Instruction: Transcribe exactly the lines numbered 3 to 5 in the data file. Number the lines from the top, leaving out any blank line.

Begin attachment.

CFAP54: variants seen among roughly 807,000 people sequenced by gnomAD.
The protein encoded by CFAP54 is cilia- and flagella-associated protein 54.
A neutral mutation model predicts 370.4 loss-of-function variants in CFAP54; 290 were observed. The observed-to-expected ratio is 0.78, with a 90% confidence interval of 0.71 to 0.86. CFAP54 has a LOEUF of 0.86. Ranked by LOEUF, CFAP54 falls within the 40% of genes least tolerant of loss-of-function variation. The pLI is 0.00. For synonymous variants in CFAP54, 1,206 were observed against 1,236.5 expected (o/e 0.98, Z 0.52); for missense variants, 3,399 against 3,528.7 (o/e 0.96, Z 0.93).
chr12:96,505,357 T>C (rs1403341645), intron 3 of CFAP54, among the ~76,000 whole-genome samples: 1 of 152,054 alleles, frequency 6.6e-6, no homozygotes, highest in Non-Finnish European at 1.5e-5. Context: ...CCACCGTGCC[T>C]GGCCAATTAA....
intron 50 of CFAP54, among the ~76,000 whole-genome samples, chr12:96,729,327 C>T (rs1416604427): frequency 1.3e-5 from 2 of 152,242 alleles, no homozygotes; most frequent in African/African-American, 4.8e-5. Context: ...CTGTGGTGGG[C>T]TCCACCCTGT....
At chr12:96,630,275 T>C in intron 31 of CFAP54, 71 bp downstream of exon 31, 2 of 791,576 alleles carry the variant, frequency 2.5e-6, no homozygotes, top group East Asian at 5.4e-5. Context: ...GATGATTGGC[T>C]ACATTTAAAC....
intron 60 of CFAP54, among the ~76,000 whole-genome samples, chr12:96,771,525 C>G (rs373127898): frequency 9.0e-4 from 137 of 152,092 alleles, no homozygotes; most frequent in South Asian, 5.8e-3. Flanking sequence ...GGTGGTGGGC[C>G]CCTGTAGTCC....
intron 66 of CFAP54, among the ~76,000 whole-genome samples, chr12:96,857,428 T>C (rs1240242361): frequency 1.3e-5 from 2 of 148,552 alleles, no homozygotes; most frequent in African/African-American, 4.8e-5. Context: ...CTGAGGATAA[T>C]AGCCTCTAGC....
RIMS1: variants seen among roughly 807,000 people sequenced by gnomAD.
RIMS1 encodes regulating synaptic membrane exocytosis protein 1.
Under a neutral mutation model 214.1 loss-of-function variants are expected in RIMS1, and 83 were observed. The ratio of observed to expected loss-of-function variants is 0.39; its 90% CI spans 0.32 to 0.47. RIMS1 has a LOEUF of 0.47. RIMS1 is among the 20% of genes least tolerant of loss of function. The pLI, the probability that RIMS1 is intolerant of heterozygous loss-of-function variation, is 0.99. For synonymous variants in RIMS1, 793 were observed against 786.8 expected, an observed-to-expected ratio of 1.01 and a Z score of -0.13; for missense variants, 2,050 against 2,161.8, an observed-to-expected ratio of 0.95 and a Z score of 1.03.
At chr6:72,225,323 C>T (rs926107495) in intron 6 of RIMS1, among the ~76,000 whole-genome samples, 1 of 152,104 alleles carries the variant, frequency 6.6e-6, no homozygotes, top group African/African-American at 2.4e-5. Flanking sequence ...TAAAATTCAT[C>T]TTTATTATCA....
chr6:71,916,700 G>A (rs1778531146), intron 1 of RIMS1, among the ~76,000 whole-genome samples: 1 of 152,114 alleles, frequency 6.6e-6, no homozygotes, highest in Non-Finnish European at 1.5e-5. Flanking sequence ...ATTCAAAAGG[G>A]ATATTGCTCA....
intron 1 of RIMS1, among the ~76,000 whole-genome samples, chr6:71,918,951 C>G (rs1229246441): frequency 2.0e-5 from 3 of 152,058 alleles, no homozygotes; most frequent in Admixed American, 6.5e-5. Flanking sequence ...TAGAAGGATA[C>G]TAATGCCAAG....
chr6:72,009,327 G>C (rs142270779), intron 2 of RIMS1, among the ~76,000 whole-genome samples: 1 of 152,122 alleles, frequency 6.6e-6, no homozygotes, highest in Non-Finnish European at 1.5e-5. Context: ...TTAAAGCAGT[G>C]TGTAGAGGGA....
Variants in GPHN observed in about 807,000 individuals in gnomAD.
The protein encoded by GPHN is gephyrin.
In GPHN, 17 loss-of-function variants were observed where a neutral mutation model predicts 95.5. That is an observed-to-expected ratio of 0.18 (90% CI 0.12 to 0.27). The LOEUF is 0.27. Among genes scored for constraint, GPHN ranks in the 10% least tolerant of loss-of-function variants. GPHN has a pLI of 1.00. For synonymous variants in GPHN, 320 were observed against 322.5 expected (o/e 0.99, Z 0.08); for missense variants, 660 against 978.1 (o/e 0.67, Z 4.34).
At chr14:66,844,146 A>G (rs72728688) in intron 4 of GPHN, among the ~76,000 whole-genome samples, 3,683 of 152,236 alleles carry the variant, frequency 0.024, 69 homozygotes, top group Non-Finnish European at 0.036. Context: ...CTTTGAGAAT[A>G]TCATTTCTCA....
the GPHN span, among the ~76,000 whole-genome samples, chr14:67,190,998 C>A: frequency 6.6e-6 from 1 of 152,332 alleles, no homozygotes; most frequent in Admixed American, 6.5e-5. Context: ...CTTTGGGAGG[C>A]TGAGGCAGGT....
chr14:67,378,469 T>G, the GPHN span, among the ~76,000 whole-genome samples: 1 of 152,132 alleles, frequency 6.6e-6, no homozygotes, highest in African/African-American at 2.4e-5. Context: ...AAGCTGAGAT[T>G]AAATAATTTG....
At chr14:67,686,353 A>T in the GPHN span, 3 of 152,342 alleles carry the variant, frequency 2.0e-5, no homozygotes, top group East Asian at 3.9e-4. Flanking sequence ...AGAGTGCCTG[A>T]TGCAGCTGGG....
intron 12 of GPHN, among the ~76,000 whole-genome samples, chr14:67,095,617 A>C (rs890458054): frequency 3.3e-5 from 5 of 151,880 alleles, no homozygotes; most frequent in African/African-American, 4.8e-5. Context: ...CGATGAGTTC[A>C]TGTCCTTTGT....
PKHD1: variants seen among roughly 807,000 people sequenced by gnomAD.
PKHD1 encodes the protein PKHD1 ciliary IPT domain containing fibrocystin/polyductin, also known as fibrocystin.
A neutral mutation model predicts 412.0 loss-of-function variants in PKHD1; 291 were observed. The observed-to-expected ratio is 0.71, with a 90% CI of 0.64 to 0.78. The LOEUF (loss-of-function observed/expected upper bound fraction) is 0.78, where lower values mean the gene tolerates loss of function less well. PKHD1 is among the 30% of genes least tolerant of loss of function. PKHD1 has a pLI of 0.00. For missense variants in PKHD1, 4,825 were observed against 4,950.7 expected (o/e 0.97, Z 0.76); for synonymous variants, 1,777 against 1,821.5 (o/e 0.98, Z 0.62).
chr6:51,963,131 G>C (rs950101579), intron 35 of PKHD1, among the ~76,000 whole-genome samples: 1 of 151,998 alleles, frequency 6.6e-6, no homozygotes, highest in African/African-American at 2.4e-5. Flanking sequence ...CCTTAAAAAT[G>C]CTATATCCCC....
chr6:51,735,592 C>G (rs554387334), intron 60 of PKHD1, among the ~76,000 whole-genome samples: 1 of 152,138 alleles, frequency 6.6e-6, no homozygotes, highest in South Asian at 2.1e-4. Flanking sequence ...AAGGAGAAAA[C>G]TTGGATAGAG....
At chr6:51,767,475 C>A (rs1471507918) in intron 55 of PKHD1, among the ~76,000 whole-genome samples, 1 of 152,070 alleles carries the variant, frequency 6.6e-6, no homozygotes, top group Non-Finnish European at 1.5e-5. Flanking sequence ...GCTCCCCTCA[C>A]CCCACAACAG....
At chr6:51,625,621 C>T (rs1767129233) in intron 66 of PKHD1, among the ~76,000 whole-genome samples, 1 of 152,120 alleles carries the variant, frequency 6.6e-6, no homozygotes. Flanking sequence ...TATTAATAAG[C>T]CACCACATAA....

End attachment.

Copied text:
A neutral mutation model predicts 370.4 loss-of-function variants in CFAP54; 290 were observed. The observed-to-expected ratio is 0.78, with a 90% confidence interval of 0.71 to 0.86. CFAP54 has a LOEUF of 0.86. Ranked by LOEUF, CFAP54 falls within the 40% of genes least tolerant of loss-of-function variation. The pLI is 0.00. For synonymous variants in CFAP54, 1,206 were observed against 1,236.5 expected (o/e 0.98, Z 0.52); for missense variants, 3,399 against 3,528.7 (o/e 0.96, Z 0.93).
chr12:96,505,357 T>C (rs1403341645), intron 3 of CFAP54, among the ~76,000 whole-genome samples: 1 of 152,054 alleles, frequency 6.6e-6, no homozygotes, highest in Non-Finnish European at 1.5e-5. Context: ...CCACCGTGCC[T>C]GGCCAATTAA....
intron 50 of CFAP54, among the ~76,000 whole-genome samples, chr12:96,729,327 C>T (rs1416604427): frequency 1.3e-5 from 2 of 152,242 alleles, no homozygotes; most frequent in African/African-American, 4.8e-5. Context: ...CTGTGGTGGG[C>T]TCCACCCTGT....